Molecular etiological profile of atypical bacterial pathogens, viruses and coinfections among infants and children with community acquired pneumonia admitted to a national hospital in Lima, Peru

2.50
Hdl Handle:
http://hdl.handle.net/10757/622481
Title:
Molecular etiological profile of atypical bacterial pathogens, viruses and coinfections among infants and children with community acquired pneumonia admitted to a national hospital in Lima, Peru
Authors:
del Valle-Mendoza, Juana ( 0000-0002-6011-5040 ) ; Silva-Caso, Wilmer; Cornejo-Tapia, Angela; Orellana-Peralta, Fiorella; Verne, Eduardo; Ugarte, Claudia; Aguilar-Luis, Miguel Angel; De Lama-Odría, María del Carmen; Nazario-Fuertes, Ronald; Esquivel-Vizcarra, Mónica; Casabona-Ore, Verónica; Weilg, Pablo; del Valle, Luis J.
Citation:
Molecular etiological profile of atypical bacterial pathogens, viruses and coinfections among infants and children with community acquired pneumonia admitted to a national hospital in Lima, Peru 2017, 10 (1) BMC Research Notes
Journal:
BMC Research Notes
Issue Date:
6-Dec-2017
URI:
http://hdl.handle.net/10757/622481
DOI:
10.1186/s13104-017-3000-3
Additional Links:
https://bmcresnotes.biomedcentral.com/articles/10.1186/s13104-017-3000-3
Abstract:
Objective: The main objective of this study was to detect the presence of 14 respiratory viruses and atypical bacteria (Mycoplasma pneumoniae, Chlamydia pneumoniae), via polymerase chain reaction in patients under 18 years old hospitalized due to community-acquired pneumonia (CAP) from Lima, Peru. Results: Atypical pathogens were detected in 40% (58/146); viral etiologies in 36% (52/146) and coinfections in 19% (27/146). The most common etiological agent was M. pneumoniae (n = 47), followed by C. pneumoniae (n = 11). The most frequent respiratory viruses detected were: respiratory syncytial virus A (n = 35), influenza virus C (n = 21) and parainfluenza virus (n = 10). Viral-bacterial and bacterium-bacterium coinfections were found in 27 cases. In our study population, atypical bacteria (40%) were detected as frequently as respiratory viruses (36%). The presence of M. pneumoniae and C. pneumoniae should not be underestimated as they can be commonly isolated in Peruvian children with CAP.
Type:
info:eu-repo/semantics/article
Rights:
info:eu-repo/semantics/openAccess
Language:
eng
Keywords:
Atypical pathogens; CAP; Community-acquired pneumonia; Respiratory infection
ISSN:
1756-0500

Full metadata record

DC FieldValue Language
dc.contributor.authordel Valle-Mendoza, Juanaes
dc.contributor.authorSilva-Caso, Wilmeres
dc.contributor.authorCornejo-Tapia, Angelaes
dc.contributor.authorOrellana-Peralta, Fiorellaes
dc.contributor.authorVerne, Eduardoes
dc.contributor.authorUgarte, Claudiaes
dc.contributor.authorAguilar-Luis, Miguel Angeles
dc.contributor.authorDe Lama-Odría, María del Carmenes
dc.contributor.authorNazario-Fuertes, Ronaldes
dc.contributor.authorEsquivel-Vizcarra, Mónicaes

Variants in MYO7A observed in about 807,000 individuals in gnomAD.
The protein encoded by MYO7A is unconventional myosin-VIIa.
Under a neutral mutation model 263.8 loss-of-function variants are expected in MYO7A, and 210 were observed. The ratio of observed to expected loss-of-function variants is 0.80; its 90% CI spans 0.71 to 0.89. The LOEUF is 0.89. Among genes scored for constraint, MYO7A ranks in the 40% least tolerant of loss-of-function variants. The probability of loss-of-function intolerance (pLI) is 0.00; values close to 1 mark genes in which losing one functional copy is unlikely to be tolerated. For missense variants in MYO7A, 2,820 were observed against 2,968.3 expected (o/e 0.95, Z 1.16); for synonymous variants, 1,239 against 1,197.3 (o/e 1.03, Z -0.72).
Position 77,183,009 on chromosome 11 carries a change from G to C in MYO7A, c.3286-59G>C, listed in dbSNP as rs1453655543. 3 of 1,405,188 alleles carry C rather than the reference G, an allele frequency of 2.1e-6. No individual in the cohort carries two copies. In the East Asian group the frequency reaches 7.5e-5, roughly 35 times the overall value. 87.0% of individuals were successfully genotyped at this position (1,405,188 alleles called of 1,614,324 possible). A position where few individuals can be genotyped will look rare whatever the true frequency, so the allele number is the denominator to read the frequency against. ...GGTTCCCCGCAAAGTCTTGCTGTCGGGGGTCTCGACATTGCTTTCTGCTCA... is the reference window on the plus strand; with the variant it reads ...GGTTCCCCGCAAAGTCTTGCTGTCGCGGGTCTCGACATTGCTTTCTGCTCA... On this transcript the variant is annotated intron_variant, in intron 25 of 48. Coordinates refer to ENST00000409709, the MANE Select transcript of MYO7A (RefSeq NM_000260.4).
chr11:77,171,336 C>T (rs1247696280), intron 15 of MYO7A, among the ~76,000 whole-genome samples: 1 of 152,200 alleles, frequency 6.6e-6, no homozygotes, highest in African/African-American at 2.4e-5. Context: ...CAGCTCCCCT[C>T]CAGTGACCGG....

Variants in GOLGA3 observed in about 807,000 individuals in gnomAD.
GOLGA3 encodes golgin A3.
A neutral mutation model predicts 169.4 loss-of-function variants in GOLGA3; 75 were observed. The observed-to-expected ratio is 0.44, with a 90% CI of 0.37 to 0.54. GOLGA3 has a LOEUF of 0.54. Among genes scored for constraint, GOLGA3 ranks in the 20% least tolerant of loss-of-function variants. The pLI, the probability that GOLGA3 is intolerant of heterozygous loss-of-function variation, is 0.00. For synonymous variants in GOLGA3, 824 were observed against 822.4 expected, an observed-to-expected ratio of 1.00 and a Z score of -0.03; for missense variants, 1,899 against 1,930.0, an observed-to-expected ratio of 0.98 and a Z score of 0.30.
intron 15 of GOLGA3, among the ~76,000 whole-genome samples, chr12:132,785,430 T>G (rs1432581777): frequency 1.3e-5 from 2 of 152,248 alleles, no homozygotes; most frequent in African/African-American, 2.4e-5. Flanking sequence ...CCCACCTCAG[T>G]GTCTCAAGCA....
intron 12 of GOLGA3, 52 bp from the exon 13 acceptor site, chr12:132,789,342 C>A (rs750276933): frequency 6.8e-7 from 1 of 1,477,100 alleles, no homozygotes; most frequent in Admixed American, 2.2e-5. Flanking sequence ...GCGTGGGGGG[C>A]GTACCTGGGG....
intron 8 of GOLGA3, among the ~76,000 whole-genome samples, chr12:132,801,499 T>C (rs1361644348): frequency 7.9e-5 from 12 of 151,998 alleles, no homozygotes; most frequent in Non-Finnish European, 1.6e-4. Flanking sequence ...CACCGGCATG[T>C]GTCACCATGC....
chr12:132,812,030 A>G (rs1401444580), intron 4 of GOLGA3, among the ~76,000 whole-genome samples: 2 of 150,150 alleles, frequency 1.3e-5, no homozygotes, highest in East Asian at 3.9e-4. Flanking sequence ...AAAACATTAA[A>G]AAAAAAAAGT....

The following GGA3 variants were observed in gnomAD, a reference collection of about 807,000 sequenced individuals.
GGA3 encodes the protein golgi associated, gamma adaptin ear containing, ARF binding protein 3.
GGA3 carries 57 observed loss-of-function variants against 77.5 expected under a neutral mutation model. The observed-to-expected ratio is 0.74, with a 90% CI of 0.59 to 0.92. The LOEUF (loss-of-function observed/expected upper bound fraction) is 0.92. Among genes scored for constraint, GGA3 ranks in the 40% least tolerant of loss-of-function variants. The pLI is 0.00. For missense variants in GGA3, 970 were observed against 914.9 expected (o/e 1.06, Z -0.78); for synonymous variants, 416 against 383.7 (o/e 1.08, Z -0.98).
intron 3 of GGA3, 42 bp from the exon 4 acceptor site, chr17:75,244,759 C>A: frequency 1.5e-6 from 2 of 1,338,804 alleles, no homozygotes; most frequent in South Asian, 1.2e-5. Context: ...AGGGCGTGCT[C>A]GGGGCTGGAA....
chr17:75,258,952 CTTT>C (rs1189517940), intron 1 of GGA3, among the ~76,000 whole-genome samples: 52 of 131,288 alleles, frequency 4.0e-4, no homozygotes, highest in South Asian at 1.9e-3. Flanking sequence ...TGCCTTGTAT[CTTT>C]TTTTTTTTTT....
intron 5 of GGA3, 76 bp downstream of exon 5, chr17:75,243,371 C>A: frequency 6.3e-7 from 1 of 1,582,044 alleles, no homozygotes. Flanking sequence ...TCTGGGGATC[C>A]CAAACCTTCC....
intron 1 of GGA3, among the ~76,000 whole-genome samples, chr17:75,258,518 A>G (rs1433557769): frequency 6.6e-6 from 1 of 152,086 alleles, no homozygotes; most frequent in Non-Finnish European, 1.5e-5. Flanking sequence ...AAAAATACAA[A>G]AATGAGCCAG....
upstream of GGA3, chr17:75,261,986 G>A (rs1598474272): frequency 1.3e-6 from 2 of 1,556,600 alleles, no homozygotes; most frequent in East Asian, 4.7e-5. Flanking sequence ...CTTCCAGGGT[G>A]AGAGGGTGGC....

dc.contributor.authorCasabona-Ore, Verónicaes
dc.contributor.authorWeilg, Pabloes
dc.contributor.authordel Valle, Luis J.es
dc.date.accessioned2018-01-04T14:29:50Z-
dc.date.available2018-01-04T14:29:50Z-
dc.date.issued2017-12-06-
dc.identifier.citationMolecular etiological profile of atypical bacterial pathogens, viruses and coinfections among infants and children with community acquired pneumonia admitted to a national hospital in Lima, Peru 2017, 10 (1) BMC Research Noteses
dc.identifier.issn1756-0500-
dc.identifier.doi10.1186/s13104-017-3000-3-
dc.identifier.urihttp://hdl.handle.net/10757/622481-
dc.description.abstractObjective: The main objective of this study was to detect the presence of 14 respiratory viruses and atypical bacteria (Mycoplasma pneumoniae, Chlamydia pneumoniae), via polymerase chain reaction in patients under 18 years old hospitalized due to community-acquired pneumonia (CAP) from Lima, Peru. Results: Atypical pathogens were detected in 40% (58/146); viral etiologies in 36% (52/146) and coinfections in 19% (27/146). The most common etiological agent was M. pneumoniae (n = 47), followed by C. pneumoniae (n = 11). The most frequent respiratory viruses detected were: respiratory syncytial virus A (n = 35), influenza virus C (n = 21) and parainfluenza virus (n = 10). Viral-bacterial and bacterium-bacterium coinfections were found in 27 cases. In our study population, atypical bacteria (40%) were detected as frequently as respiratory viruses (36%). The presence of M. pneumoniae and C. pneumoniae should not be underestimated as they can be commonly isolated in Peruvian children with CAP.es
dc.formatapplication/pdfes
dc.language.isoenges
dc.relation.urlhttps://bmcresnotes.biomedcentral.com/articles/10.1186/s13104-017-3000-3es
dc.rightsinfo:eu-repo/semantics/openAccesses
dc.subjectAtypical pathogenses
dc.subjectCAPes
dc.subjectCommunity-acquired pneumoniaes
dc.subjectRespiratory infectiones
dc.titleMolecular etiological profile of atypical bacterial pathogens, viruses and coinfections among infants and children with community acquired pneumonia admitted to a national hospital in Lima, Perues
dc.typeinfo:eu-repo/semantics/articlees
dc.identifier.journalBMC Research Noteses
dc.description.peerreviewRevisión por pareses_PE
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